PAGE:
Without access to summer programs, children can lose significant academic and learning progress from the school year. Over a century of research shows that summer learning loss can set children back academically. The average student loses 2.6 months of math skill development during summer breaks. These challenges are compounded for low-income youth who lose two months of reading achievement on average each summer. As a result, teachers typically use four to six weeks of each academic year teaching old material that students have forgotten over the summer. Academic losses don’t pose the only threat during the summertime - without structured meals and exercise, summer can lead to weight gain and setbacks in physical fitness.
There are a lot of options for preventing summer learning loss. Parent engagement and learning activities can provide kids with the opportunity not only to preserve but to advance their learning. The lists below offer tips and local resources to help parents and caring adults with valuable ways to keep kids on track. Summer learning is also supported locally by the Summer Youth Program Fund, a collaborative funding project that The Indianapolis Foundation co-founded.
Connect to Local Programs
- The Marion County Commission on Youth (MCCOY) produces the annual Youth Activity Directory, which includes information about camps and other engaging activities for youth.
- Indy Parks, the YMCA of Greater Indianapolis and Boys & Girls Clubs of Indianapolis offer a range of summer day camps at locations throughout the city.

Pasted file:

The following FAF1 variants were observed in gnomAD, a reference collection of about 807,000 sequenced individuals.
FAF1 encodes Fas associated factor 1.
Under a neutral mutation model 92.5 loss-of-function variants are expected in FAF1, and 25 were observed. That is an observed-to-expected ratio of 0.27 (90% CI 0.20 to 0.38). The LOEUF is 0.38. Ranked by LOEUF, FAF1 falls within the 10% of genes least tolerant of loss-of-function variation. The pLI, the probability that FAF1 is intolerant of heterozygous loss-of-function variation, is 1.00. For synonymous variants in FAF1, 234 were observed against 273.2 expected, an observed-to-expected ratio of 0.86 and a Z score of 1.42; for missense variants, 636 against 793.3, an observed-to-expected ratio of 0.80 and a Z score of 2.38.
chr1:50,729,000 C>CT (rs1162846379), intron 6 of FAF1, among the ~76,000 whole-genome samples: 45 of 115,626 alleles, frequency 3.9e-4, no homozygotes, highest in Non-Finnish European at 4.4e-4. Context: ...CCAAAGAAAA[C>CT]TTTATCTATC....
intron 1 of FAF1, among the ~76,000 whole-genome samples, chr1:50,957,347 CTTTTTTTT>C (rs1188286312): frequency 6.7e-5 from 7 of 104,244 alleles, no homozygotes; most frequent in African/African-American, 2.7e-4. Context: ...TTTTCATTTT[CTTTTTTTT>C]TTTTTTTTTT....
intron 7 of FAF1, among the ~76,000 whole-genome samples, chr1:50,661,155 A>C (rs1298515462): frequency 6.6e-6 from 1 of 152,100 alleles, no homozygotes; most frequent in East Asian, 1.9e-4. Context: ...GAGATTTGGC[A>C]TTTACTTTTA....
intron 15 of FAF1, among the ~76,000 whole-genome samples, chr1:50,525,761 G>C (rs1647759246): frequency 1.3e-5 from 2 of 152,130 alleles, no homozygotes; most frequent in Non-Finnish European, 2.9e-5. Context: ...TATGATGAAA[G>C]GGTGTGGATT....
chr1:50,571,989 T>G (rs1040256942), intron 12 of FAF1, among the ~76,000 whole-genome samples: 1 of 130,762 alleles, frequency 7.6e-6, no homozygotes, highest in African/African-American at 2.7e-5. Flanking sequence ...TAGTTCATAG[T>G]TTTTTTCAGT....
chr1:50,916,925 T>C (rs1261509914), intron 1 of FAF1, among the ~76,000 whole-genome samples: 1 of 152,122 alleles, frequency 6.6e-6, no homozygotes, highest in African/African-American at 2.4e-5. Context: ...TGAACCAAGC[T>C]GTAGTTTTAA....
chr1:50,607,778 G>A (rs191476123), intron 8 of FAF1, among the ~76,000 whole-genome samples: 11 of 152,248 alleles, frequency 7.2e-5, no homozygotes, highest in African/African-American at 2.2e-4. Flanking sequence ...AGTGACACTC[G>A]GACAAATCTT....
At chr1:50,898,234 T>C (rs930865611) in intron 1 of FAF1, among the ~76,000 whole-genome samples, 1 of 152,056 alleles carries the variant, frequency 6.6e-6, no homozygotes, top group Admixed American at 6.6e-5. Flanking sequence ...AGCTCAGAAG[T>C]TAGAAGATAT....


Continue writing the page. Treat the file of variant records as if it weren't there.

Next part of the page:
- For special-interest camps, Indy’s Child offers a searchable database of local camp options.
Support Learning at Home
- Encourage your child to read high-interest books that will help them maintain their reading skills. The Indianapolis-Marion County Public Library, Hamilton East Public Library, Carmel Clay Public Library, Sheridan Public Library and Westfield Washington Public Library offer summer programs to encourage reading.
- Talk with your child’s teacher before the last day of school to get suggestions for workbooks, reading books, science activities and other ways to encourage learning. Take a special interest in subjects that are especially challenging for your child.
- Trips to museums, zoos, concerts and parks can all provide learning experiences.
- Set a goal of incorporating some math problems, a chapter or two of a book and journaling on a regular basis.
More about the 2012 Summer Youth Program Fund grants.
- A Penny Saved
- Phase II Applications for Community Crime Prevention Grants Now Available
- The Indianapolis Foundation Awards More Than $2.2 Million to Support Community Needs
- Legacy Fund Addresses Community Wide Needs Via May Grants
- The Indianapolis Foundation Awards $159,000 for Phase I of 2014 Community Crime Prevention Grants